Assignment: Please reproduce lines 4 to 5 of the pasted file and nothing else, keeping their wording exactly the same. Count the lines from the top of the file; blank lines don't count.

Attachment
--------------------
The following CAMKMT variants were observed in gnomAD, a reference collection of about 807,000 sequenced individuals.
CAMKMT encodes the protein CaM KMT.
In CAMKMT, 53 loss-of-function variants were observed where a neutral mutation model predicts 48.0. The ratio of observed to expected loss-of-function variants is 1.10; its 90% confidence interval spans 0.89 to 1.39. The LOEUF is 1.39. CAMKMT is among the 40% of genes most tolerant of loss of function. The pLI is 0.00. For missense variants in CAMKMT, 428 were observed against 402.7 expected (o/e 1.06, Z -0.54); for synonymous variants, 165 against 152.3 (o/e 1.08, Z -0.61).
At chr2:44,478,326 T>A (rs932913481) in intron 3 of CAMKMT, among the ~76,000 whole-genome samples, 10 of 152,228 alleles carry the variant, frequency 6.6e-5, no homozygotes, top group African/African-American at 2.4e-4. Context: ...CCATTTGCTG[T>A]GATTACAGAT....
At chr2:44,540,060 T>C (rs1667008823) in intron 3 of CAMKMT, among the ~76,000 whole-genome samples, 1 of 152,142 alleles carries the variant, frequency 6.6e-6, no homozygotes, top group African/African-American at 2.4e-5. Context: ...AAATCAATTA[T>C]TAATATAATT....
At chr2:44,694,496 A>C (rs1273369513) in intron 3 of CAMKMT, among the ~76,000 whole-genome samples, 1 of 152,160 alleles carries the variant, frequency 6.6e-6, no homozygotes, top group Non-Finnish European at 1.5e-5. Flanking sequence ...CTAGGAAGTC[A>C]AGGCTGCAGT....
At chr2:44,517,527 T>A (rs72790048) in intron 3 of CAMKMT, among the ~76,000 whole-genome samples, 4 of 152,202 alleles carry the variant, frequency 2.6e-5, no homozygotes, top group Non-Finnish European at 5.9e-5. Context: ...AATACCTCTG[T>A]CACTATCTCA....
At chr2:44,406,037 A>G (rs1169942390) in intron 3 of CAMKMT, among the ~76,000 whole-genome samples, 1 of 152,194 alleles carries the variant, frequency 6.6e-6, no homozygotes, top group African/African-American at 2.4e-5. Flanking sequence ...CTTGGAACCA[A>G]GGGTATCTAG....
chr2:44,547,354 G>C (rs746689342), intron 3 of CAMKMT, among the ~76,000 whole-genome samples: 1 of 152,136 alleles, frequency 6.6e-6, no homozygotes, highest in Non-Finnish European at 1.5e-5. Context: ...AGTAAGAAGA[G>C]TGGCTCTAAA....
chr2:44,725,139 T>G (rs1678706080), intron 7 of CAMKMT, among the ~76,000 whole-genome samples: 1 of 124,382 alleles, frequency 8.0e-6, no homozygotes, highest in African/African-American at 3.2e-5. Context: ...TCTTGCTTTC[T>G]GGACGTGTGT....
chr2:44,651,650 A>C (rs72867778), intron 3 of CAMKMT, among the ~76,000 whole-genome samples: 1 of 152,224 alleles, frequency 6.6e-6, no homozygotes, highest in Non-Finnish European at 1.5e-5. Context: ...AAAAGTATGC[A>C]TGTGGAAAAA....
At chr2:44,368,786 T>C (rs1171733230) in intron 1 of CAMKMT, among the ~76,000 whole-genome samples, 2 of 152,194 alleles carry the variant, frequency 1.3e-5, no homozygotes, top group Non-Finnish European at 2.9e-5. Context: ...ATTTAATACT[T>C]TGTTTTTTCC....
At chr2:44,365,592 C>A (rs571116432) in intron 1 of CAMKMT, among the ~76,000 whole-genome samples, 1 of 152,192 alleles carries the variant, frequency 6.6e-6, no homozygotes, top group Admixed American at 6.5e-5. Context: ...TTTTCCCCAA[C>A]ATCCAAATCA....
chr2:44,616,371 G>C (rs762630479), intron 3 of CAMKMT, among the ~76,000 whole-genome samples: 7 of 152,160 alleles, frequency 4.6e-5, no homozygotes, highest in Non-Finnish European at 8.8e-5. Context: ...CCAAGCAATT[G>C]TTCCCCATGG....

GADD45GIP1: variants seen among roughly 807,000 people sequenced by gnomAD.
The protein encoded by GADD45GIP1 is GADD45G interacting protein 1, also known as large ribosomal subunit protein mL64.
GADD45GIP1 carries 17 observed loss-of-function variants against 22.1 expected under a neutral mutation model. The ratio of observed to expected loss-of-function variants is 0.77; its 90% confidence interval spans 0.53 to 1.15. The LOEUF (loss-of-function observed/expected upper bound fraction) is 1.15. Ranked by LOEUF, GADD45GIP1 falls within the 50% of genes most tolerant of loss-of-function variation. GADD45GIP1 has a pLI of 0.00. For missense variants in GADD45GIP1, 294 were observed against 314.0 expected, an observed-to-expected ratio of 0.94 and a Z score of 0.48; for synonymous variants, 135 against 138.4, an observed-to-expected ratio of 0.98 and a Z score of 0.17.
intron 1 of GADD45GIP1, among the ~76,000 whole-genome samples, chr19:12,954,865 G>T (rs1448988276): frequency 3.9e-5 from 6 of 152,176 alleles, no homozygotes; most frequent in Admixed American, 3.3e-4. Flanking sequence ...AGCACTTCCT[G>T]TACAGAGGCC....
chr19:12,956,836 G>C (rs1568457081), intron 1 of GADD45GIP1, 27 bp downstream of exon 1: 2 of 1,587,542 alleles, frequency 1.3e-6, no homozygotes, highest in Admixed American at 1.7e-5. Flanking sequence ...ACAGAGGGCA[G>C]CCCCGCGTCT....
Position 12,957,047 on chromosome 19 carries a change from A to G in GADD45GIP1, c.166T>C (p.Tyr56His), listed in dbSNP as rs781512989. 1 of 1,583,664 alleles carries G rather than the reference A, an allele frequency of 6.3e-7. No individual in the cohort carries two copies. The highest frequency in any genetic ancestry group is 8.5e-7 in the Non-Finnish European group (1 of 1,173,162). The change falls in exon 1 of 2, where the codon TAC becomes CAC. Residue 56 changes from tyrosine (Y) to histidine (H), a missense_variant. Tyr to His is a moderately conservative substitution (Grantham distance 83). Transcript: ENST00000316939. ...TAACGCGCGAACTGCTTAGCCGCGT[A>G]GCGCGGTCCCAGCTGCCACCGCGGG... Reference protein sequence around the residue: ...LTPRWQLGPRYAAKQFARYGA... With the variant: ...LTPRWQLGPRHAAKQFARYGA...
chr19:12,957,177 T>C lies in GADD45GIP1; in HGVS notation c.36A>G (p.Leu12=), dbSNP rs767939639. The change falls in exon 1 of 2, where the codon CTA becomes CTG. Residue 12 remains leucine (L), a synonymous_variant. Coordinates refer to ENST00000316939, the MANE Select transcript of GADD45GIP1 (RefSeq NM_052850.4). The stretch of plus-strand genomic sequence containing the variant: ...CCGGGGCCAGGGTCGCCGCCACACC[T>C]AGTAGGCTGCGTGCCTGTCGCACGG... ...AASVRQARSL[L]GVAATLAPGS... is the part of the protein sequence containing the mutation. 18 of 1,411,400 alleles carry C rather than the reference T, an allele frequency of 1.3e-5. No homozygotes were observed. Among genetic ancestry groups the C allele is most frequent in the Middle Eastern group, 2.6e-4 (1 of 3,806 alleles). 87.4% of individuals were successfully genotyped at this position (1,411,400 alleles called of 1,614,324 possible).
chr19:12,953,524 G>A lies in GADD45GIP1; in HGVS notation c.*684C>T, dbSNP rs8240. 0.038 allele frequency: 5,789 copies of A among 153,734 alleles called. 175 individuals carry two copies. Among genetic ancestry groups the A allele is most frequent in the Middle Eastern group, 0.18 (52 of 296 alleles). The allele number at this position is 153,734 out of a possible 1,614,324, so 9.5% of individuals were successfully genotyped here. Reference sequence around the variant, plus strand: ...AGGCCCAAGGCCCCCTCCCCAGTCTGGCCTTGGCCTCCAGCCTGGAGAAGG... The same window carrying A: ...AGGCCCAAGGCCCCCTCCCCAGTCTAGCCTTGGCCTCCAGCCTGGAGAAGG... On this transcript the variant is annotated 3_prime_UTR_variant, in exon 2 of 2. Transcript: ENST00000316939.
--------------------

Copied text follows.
At chr2:44,478,326 T>A (rs932913481) in intron 3 of CAMKMT, among the ~76,000 whole-genome samples, 10 of 152,228 alleles carry the variant, frequency 6.6e-5, no homozygotes, top group African/African-American at 2.4e-4. Context: ...CCATTTGCTG[T>A]GATTACAGAT....
At chr2:44,540,060 T>C (rs1667008823) in intron 3 of CAMKMT, among the ~76,000 whole-genome samples, 1 of 152,142 alleles carries the variant, frequency 6.6e-6, no homozygotes, top group African/African-American at 2.4e-5. Context: ...AAATCAATTA[T>C]TAATATAATT....